The winds of change have blown through the tech industry since Google decided to become more than an advertising company. Enormous profits tend to change how a company’s executives view their companies and Google, Microsoft, and Apple have changed through years of success.
Here’s a look at three different technology companies that compete against each other, all wealthy, all disruptive in their own ways, but each with a different position on the corporate spectrum.
First, allow me to reverse the order and start with Apple as our favorite Mac and iPhone company gained massive success before either Microsoft or Google.
From the Mac onward, Apple has taken up a roost on the premium end of the technology bench with well designed and attractive products that do not compete on price. Everything about nearly every Apple product smacks of quality; from the box to the plastic that wraps a product, to the materials used in manufacturing, Apple’s wares speak to the company’s desire to differentiate its products from competitors at every point; look and feel, software and hardware, and especially price.
In the middle of the spectrum is Microsoft with Windows and Office. Microsoft once dominated the desktop and notebook world, owned the enterprise with Windows and Office, and nearly put Apple out of business back in the mid-1990s with Windows ’95, a point and click OS that was ‘good enough’ to push Apple, once synonymous with the Mac, to near extinction.
Microsoft rested on its laurels and profits and completely missed the mobile device revolution launched by Apple’s iconic iPhone and to a less extent, the iPad. While Microsoft slumbered Google pushed an iPhone clone OS into the mobile industry and the Windows and Office maker’s presence went from low to near obscurity. Microsoft found itself in the unenviable position of competing against a superior iOS and iPhone standard at the premium end, and against an inexpensive but similar rival at the low end. For a company that makes money selling software, the disruptions brought by Apple and Google were an enormous danger.
Google, on the other hand, is not a true technology company in the traditional sense. The company sells advertising and that accounts for about 90-percent of revenue and profits, but those massive riches help to fund development of Android OS and Chrome OS which powers inexpensive Chromebooks which compete against Windows-powered notebooks. Remember, Windows has a price tag. Chrome OS does not, so pound for pound, PC manufacturers can make more money selling a Chromebook than a low priced Windows device.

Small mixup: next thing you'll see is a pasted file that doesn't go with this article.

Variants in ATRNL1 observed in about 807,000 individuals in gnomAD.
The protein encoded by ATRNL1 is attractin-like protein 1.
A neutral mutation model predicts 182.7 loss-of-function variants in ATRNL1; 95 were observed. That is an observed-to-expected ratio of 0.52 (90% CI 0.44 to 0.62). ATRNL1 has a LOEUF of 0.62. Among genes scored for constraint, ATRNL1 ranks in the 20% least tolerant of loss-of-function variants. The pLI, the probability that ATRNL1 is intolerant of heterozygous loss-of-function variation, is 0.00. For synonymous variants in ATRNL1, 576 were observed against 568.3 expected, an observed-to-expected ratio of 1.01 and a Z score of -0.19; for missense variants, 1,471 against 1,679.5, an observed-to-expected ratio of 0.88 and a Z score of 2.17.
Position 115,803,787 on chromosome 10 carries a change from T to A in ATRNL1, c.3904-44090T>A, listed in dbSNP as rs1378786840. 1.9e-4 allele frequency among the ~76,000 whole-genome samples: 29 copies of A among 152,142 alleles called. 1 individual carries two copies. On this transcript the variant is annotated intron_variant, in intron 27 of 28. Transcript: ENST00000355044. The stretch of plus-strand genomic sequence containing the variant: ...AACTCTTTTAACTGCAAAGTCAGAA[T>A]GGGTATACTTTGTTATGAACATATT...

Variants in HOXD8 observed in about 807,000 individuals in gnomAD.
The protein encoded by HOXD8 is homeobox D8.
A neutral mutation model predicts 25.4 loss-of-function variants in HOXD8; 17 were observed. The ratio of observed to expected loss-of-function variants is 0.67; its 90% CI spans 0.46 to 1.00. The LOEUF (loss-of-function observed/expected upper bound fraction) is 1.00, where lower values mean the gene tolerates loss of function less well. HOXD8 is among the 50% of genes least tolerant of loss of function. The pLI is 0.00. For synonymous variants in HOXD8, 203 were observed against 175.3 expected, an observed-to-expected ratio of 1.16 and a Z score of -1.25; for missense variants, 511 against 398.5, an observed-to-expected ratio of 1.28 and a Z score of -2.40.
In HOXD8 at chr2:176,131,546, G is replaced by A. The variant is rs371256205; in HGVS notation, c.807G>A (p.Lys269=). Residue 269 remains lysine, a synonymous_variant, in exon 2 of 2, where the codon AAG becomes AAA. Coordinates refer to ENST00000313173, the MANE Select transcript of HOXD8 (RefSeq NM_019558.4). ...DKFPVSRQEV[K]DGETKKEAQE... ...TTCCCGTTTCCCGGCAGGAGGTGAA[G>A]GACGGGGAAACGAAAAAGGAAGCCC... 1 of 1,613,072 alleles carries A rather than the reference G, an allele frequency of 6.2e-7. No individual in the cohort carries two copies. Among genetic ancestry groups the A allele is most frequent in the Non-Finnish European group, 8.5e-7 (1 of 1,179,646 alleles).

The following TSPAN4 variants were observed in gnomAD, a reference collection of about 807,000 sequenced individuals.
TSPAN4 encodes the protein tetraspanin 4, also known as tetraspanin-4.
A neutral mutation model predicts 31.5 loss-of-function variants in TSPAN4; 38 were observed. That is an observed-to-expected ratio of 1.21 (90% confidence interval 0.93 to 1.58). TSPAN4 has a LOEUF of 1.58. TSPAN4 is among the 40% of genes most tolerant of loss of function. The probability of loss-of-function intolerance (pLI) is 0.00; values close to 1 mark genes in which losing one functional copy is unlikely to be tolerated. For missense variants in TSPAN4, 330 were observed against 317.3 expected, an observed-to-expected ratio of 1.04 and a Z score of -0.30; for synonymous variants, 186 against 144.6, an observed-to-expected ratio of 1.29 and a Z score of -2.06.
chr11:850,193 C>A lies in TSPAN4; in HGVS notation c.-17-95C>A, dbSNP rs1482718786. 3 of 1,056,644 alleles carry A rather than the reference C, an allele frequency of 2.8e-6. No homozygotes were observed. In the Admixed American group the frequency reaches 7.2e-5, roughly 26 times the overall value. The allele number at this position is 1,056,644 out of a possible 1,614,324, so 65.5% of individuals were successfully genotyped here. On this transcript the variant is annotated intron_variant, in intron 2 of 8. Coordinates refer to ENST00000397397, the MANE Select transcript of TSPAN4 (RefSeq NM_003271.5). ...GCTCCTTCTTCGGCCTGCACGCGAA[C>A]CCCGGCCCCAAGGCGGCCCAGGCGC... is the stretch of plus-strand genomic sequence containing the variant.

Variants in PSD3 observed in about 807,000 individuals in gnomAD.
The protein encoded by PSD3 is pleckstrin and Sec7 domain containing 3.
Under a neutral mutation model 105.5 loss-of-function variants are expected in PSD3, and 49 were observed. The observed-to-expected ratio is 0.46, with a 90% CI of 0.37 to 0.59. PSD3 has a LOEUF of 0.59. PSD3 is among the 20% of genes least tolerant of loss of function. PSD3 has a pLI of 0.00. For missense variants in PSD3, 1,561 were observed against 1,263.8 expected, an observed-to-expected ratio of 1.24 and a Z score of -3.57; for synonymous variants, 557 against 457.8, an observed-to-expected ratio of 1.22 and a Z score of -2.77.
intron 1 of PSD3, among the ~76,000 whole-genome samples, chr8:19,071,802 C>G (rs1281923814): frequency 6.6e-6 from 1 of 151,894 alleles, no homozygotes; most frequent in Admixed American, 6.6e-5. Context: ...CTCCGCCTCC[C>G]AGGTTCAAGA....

That is disruption. Google’s disruption is cheap, and it isn’t so much the technology as it is the price. Android OS and Chrome OS are free, and both compete with Apple and Microsoft, but only Apple seems somewhat inoculated against the infection of cheap.
The Real Battle
The real battle is between free and cheap vs. premium. Google reigns at the low end, while Apple maintains dominance at the high end with smaller marketshare but with massive profits. Microsoft is pressed in the middle but has made some progress changing the business model from the upgrade treadmill to an annual subscription plan, an action which helps to buffer the Windows maker from cheap Android products.
Meanwhile, everything about Google’s disruption can be identified and attached to a single word. Cheap. Android is free so every cell phone and tablet maker that uses Android on their hardware suffers from the same fate as every PC manufacturer that installs Windows on their devices. Lowest common denominator. Why buy a $850 Samsung Galaxy-whatever when a $300 Chinese knockoff has similar hardware and runs most of the same software? Why buy a $2,500 HP, Dell, or Microsoft notebook when it runs Windows; the same Windows found on $499 tablet notebook hybrids without a keyboard?
Apple differentiates iPhone, iPad, and Mac from Android devices and PCs, through hardware and software integration, thereby commanding a higher price, which means large gross margins, which are translated to higher profits. Google does not make much money with Android OS or Chrome OS. Microsoft struggles to maintain profits with Windows, but has managed to move Office away from the upgrade routine to a subscription model, thereby overcoming some of the danger of competing on price alone.
Cheap is a dangerous business to be in. Google can afford to give away products for free because the company’s revenue stream– and profits– are not tied into hardware. That’s not the case for Microsoft or Apple, though the latter has more success with differentiation and has largely managed to avoid the battle over cheap.
Cheap can be disruptive to a company or market but does not have a history of sustainability. Successful differentiation is more important and profits– regardless of where the originate within the chain– are required for a company to stay in business.